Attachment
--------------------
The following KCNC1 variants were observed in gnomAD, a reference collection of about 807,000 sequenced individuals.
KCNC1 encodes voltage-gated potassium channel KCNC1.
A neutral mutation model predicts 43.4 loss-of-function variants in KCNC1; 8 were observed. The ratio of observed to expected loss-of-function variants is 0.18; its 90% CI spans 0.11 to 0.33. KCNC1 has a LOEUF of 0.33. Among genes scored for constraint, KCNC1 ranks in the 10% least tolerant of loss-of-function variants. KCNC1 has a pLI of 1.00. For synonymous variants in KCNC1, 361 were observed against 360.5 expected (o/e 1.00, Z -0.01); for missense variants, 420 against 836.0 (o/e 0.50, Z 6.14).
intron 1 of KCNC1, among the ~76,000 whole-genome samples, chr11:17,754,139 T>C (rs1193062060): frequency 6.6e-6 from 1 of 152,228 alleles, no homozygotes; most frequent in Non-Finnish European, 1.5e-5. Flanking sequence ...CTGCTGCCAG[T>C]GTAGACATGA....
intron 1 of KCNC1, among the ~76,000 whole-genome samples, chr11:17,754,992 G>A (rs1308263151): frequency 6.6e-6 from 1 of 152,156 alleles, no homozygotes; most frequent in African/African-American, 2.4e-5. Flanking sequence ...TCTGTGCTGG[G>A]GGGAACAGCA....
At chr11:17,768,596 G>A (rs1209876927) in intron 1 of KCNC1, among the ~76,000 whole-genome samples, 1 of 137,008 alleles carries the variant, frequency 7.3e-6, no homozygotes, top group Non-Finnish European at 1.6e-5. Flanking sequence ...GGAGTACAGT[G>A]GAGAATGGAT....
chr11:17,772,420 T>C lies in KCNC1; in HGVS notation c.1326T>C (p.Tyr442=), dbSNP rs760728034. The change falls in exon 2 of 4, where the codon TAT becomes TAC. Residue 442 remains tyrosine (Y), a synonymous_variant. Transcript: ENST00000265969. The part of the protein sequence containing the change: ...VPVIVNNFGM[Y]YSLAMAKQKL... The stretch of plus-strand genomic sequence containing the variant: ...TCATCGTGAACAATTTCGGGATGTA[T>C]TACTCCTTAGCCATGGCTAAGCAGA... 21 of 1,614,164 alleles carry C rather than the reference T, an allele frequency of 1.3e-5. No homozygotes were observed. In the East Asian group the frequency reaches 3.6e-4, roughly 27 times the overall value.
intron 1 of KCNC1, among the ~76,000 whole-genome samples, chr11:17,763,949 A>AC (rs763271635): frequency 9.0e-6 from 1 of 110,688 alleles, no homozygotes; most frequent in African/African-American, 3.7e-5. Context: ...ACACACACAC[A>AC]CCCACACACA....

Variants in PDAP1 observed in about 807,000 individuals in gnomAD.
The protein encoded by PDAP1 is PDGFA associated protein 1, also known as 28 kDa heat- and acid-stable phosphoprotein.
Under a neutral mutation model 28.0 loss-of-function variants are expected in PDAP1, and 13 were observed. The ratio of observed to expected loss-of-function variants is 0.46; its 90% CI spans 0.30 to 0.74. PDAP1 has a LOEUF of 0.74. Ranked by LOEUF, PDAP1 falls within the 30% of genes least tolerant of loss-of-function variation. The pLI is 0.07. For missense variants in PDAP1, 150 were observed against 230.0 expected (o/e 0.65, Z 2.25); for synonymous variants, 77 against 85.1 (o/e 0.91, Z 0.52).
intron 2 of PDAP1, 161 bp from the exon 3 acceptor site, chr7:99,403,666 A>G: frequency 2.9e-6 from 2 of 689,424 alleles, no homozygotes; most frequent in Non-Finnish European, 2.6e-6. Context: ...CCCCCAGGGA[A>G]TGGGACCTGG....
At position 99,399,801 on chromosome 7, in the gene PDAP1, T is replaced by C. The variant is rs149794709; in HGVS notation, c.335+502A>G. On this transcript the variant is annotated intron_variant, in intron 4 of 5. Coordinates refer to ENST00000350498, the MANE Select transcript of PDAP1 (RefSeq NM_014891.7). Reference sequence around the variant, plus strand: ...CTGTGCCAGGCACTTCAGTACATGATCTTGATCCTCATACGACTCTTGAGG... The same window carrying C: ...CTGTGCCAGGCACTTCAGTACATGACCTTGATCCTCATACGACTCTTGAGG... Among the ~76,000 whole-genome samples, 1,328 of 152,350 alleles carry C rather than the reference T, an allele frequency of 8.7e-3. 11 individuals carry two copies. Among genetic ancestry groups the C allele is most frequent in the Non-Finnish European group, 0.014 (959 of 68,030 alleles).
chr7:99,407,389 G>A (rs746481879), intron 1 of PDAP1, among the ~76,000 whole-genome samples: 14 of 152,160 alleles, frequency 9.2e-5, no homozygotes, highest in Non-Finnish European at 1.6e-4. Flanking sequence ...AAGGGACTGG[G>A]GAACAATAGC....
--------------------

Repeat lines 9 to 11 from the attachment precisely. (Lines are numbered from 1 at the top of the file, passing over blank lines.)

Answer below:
Variants in PDAP1 observed in about 807,000 individuals in gnomAD.
The protein encoded by PDAP1 is PDGFA associated protein 1, also known as 28 kDa heat- and acid-stable phosphoprotein.
Under a neutral mutation model 28.0 loss-of-function variants are expected in PDAP1, and 13 were observed. The ratio of observed to expected loss-of-function variants is 0.46; its 90% CI spans 0.30 to 0.74. PDAP1 has a LOEUF of 0.74. Ranked by LOEUF, PDAP1 falls within the 30% of genes least tolerant of loss-of-function variation. The pLI is 0.07. For missense variants in PDAP1, 150 were observed against 230.0 expected (o/e 0.65, Z 2.25); for synonymous variants, 77 against 85.1 (o/e 0.91, Z 0.52).